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    ABSTRACT: To investigate the clinical and dose--volumetric parameters that predict the risk of radiation-induced liver disease (RILD) for patients with small, unresectable hepatocellular carcinoma (HCC) treated with stereotactic body radiotherapy (SBRT). Between March 2007 and December 2009, 92 patients with HCC treated with SBRT were reviewed for RILD within 3 months of completing treatment. RILD was evaluated according to the Common Terminology Criteria for Adverse Events, version 3.0. A dose of 10--20 Gy (median, 15 Gy) per fraction was given over 3--4 consecutive days for a total dose of 30--60 Gy (median, 45 Gy). The following clinical and dose--volumetric parameters were examined: age, gender, Child-Pugh class, presence of hepatitis B virus, gross tumor volume, normal liver volume, radiation dose, fraction size, mean dose to the normal liver, and normal liver volumes receiving from < 5 Gy to < 60 Gy (in increments of 5 Gy). Seventeen (18.5%) of the 92 patients developed grade 2 or worse RILD after SBRT (49 patients in grade 1, 11 in grade 2, and 6 in >= grade 3). On univariate analysis, Child-Pugh class was identified as a significant clinical parameter, while normal liver volume and normal liver volumes receiving from < 15 Gy to < 60 Gy were the significant dose--volumetric parameters. Upon multivariate analysis, only Child-Pugh class was a significant parameter for predicting grade 2 or worse RILD. The Child-Pugh B cirrhosis was found to have a significantly greater susceptibility to the development of grade 2 or worse RILD after SBRT in patients with small, unresectable HCC. Additional efforts aimed at testing other models to predict the risk of RILD in a large series of HCC patients treated with SBRT are needed.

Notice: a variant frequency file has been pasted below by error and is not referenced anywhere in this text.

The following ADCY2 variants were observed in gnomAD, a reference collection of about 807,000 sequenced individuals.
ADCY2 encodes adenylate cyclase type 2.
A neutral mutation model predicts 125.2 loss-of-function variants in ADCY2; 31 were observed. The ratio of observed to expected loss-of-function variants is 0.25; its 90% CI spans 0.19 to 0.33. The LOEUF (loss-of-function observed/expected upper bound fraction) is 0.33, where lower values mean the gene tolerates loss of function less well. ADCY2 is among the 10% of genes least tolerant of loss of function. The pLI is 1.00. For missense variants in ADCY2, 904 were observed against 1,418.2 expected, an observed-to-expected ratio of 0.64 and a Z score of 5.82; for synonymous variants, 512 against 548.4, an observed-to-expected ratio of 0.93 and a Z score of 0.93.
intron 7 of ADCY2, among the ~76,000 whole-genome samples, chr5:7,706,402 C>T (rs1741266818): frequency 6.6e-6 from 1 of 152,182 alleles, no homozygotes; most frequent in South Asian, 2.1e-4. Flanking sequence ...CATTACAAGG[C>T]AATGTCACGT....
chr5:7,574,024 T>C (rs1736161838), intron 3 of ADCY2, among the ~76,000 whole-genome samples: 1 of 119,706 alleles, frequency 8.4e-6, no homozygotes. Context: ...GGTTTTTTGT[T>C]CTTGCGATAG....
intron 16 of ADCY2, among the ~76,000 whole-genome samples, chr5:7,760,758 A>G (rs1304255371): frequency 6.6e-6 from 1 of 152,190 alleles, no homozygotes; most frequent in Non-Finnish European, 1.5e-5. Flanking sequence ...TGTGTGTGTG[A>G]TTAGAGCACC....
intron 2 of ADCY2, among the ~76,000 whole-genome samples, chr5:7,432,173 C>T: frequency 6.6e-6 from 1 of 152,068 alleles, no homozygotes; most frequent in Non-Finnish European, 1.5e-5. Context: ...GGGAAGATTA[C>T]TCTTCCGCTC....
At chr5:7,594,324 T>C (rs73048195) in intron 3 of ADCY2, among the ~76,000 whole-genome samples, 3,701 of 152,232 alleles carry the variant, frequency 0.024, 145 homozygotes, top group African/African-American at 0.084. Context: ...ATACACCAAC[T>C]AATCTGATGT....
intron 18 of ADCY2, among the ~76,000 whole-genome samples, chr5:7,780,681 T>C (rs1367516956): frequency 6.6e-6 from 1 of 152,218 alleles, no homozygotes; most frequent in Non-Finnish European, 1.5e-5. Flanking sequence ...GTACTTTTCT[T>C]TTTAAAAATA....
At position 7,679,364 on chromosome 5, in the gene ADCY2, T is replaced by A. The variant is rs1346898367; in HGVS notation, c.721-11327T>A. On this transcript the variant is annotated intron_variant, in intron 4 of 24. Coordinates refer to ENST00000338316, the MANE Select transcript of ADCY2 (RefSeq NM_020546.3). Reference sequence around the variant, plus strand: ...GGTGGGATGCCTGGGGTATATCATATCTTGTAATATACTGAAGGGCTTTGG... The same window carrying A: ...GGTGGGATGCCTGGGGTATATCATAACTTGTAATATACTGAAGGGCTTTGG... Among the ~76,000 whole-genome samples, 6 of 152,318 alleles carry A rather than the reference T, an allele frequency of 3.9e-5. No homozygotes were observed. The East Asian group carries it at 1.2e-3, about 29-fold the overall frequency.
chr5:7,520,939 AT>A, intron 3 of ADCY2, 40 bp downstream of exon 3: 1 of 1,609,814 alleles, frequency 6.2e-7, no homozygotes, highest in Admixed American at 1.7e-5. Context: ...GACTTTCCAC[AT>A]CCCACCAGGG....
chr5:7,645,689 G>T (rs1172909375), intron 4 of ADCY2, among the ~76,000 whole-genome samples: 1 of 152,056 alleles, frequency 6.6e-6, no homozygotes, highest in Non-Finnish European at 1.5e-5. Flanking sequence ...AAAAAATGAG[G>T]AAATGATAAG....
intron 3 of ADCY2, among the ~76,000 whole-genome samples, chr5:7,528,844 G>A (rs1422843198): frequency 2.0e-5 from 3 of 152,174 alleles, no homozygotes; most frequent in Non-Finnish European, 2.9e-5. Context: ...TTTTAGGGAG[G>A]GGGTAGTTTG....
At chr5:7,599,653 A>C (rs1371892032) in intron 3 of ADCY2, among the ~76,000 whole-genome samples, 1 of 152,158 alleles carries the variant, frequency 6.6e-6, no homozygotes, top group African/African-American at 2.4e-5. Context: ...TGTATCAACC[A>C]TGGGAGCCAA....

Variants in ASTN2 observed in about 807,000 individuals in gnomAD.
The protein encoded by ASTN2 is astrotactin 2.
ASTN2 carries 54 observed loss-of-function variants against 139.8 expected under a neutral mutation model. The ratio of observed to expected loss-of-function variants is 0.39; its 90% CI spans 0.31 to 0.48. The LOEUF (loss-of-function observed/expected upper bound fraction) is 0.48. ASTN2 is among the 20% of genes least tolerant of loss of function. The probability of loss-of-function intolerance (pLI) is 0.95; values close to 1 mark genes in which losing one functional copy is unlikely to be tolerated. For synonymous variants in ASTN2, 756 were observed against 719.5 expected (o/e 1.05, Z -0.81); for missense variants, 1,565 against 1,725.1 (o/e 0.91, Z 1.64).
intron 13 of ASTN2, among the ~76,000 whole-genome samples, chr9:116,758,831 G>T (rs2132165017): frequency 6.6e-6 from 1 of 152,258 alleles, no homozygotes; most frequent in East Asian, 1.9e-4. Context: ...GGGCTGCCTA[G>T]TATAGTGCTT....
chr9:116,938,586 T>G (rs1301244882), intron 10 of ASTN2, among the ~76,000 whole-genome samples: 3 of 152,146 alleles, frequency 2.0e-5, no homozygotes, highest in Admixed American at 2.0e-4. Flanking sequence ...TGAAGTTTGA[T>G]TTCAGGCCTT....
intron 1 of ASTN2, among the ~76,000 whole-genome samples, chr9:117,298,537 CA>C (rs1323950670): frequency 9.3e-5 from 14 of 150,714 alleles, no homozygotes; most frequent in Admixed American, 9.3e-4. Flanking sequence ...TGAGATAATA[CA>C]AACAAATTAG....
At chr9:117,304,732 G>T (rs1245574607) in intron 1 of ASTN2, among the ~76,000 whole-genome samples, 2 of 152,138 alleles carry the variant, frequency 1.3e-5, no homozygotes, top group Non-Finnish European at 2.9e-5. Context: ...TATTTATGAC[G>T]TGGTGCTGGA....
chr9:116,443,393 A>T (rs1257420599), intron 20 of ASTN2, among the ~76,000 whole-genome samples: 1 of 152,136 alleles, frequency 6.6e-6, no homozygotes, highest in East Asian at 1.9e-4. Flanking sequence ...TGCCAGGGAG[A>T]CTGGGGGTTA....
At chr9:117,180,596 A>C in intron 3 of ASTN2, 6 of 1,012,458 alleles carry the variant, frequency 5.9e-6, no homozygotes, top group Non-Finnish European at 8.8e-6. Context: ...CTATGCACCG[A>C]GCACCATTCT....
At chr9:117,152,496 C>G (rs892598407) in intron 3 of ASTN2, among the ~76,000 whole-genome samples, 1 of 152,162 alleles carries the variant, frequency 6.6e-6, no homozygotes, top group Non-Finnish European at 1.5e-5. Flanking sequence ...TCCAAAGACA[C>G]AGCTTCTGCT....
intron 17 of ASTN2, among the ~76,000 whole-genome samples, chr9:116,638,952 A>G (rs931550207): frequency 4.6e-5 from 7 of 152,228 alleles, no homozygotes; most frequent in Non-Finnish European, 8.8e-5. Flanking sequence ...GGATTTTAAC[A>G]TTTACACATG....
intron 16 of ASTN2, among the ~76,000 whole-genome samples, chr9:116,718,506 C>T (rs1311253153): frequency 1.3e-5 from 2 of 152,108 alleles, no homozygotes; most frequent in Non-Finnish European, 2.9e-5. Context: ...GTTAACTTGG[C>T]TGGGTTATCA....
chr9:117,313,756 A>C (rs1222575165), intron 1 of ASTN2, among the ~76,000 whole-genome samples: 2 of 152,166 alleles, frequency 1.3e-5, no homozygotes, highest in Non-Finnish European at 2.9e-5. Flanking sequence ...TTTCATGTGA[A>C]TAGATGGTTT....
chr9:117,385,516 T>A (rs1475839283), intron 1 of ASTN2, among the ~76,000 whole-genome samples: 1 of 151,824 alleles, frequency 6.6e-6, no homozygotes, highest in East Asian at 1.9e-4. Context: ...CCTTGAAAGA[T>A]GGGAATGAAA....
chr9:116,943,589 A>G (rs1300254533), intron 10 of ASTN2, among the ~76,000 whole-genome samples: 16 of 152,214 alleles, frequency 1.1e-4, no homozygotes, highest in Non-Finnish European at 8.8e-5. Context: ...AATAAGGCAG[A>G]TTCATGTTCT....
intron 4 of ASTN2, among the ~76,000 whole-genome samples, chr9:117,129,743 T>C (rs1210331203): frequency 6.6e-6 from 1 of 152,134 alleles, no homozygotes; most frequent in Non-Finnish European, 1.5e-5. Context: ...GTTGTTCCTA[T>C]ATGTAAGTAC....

Radiation Oncology 10/2013; 8(1):249. DOI:10.1186/1748-717X-8-249 · 2.55 Impact Factor